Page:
Pubdate: Tues, 2 Nov 1999
Source: Calgary Herald (CN AB)
Copyright: 1999 Calgary Herald
Contact:  P.O. Box 2400, Stn. M, Calgary, Alberta T2P 0W8
Fax: (403) 235-7379


An American woman's fight against extradition to the United States to
face drug-conspiracy charges is highlighting the two countries'
differing attitudes towards medical marijuana use.

Renee Boje has claimed refugee status in Canada, claiming she's a
political pawn in the U.S. government's war on drugs.

The U.S. Justice Department is seeking Boje's extradition to Los
Angeles to face charges of conspiracy to manufacture and possession of
marijuana for the purposes of distribution.

Boje, 30, was arrested in 1997 outside the Bel Air mansion of Todd
McCormick, where police said she and another woman were seen watering
and moving some of the 4,000 pot plants being cultivated there.

Boje, a New York artist who says she was hired by McCormick to do
illustrations for a book, has not admitted handling the plants.

Still, her supporters say McCormick was entitled to grow marijuana
under a California law allowing pot possession and cultivation for
so-called compassionate uses.

McCormick, who has cancer, had two doctors' prescriptions for medical
pot, said Maury Mason, a spokesman for Boje's legal defence fund.

The plants were ostensibly for research into breeding the best strains
for medical use.

However, the U.S. government is ignoring the California law, as well
as those passed recently by other states and is pursuing people
growing pot for medical purposes, said John Conroy, Boje's Canadian

"The U.S. federal government takes the position that it's not legal,"
he said Monday.

"So there's a political dispute going on between the federal
government in the U.S. and California."

While medical marijuana is still illegal in Canada, federal Health
Minister Allan Rock has issued several ministerial permits to grow it
and his department is studying its use.

"In Canada it's an offence to cultivate without a licence but doctors
can prescribe marijuana for a medical condition," said Conroy.

Boje, who lives in the coastal town of Gibson's, near Vancouver, made
a court appearance Monday dressed in a peasant skirt and wearing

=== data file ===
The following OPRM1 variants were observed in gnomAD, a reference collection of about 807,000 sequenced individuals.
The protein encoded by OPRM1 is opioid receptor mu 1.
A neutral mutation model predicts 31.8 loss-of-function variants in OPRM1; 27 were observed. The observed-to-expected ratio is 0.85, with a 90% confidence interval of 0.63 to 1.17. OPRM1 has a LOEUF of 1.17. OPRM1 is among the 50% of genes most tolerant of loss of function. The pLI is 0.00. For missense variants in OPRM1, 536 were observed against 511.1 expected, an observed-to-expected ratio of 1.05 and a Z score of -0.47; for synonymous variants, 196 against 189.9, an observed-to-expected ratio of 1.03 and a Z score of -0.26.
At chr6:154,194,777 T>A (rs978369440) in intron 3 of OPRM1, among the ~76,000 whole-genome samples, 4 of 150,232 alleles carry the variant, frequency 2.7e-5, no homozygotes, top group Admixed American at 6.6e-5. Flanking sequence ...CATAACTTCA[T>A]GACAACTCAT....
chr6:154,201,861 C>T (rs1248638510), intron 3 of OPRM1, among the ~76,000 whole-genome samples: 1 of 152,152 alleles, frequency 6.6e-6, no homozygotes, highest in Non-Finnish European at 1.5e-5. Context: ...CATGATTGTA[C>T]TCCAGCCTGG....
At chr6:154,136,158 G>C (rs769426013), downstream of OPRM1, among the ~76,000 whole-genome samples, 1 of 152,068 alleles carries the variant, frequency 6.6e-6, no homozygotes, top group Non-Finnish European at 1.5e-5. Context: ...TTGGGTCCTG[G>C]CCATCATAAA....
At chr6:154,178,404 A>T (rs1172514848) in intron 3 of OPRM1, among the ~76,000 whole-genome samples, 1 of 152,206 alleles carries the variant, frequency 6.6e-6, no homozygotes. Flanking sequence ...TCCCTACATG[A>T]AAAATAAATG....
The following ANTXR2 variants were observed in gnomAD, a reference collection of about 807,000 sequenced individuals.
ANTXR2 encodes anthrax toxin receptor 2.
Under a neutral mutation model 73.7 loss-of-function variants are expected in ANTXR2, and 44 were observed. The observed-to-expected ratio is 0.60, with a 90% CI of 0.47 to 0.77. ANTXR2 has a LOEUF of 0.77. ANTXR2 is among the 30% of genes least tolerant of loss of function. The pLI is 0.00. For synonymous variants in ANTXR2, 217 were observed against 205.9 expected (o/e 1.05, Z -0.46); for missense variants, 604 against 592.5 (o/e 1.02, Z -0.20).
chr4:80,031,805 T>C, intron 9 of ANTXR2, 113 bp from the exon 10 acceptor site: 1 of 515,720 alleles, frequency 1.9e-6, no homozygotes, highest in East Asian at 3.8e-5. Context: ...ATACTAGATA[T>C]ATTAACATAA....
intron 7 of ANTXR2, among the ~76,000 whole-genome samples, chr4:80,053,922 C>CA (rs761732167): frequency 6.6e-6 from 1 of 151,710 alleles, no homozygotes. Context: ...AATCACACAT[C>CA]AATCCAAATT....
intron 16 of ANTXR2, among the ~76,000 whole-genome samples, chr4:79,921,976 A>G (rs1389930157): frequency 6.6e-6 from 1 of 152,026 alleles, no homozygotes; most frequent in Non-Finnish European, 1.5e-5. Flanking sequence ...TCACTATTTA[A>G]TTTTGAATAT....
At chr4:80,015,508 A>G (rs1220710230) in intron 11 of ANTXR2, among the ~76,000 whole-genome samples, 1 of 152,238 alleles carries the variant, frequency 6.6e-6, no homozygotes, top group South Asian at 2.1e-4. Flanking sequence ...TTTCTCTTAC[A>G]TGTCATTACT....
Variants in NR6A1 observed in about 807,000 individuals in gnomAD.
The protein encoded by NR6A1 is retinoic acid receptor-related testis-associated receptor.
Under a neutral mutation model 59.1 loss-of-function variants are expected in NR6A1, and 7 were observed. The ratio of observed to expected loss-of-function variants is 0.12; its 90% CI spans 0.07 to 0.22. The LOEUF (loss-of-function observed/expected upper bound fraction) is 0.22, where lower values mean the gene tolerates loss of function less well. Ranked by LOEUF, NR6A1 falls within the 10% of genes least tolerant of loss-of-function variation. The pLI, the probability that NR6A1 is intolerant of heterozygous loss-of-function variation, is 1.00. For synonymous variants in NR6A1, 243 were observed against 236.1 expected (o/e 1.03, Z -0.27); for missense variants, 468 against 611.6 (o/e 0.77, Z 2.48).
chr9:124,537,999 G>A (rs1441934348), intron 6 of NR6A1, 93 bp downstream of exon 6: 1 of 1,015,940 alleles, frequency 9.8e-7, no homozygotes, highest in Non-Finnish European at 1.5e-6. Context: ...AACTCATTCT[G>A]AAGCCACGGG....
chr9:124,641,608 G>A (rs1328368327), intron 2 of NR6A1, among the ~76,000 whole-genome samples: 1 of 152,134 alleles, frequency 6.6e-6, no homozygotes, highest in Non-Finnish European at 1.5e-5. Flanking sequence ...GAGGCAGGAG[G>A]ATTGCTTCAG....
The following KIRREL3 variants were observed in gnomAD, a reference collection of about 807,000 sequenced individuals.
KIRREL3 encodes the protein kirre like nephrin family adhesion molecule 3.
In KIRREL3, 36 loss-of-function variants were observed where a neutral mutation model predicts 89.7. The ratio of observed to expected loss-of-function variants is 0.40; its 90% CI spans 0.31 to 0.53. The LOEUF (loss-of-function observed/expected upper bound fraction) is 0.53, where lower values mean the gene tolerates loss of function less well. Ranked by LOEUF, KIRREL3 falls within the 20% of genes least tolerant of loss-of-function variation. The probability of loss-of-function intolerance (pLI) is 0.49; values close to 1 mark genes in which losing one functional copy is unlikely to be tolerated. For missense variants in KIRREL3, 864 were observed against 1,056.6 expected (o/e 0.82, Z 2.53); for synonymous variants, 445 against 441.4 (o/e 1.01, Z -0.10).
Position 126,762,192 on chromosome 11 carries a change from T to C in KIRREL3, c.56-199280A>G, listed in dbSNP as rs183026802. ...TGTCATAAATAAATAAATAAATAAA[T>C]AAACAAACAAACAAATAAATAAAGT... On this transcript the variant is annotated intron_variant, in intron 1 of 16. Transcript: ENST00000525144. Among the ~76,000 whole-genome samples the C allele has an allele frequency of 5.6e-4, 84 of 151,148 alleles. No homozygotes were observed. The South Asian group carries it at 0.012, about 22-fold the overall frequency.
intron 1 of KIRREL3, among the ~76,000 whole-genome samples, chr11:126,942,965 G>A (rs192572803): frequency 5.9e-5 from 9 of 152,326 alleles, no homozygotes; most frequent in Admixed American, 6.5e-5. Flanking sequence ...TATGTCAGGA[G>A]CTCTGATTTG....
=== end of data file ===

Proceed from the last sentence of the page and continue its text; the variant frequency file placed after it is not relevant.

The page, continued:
sparkling makeup.

The charges against her were initially dropped but she came to Canada
on the advice of her American lawyer who expected them to be reinstated.

"He advised me to leave the country because he didn't feel that he
could save me and I faced a mandatory minimum of 10 years to life,"
she said.

Boje was arrested in Canada last February when RCMP busted a
medical-marujuana grow operation at a house where she was staying in
Sechelt, B.C. The arrest came to the attention of U.S. authorities,
who filed for her exdradition.

Boje spent three days in custody after her 1997 arrest in

"I was strip-searched in front of male guards who watched me and made
comments and lewd gestures at me," she said. "I was afraid to be in
there, obviously."

Boje said she believes the U.S. district attorney wants her back to
force her to testify against McCormick in a trial scheduled to start
Nov. 16.

"I would never cut a deal with the DA but people that do cut deals
with the DA, they don't even get off," she said. "They have to spend
lots of time in prison."

Conroy said the case has become a cause celebre in California, where
McCormick is getting financial backing from supporters of medical
marijuana, including actor Woody Harrelson.

Boje said she is relying on legal aid and donations.

Conroy has gone to bat for others charged with marijuana possession.
He believes laws against possession for personal use are
unconstitutional because it does not harm others or society as a whole.

"I say we shouldn't be threatening people's liberty in using the big
stick of the criminal law in order to threaten people with
imprisonment, fines or whatever for conduct which is essentially
benign," said Conroy.

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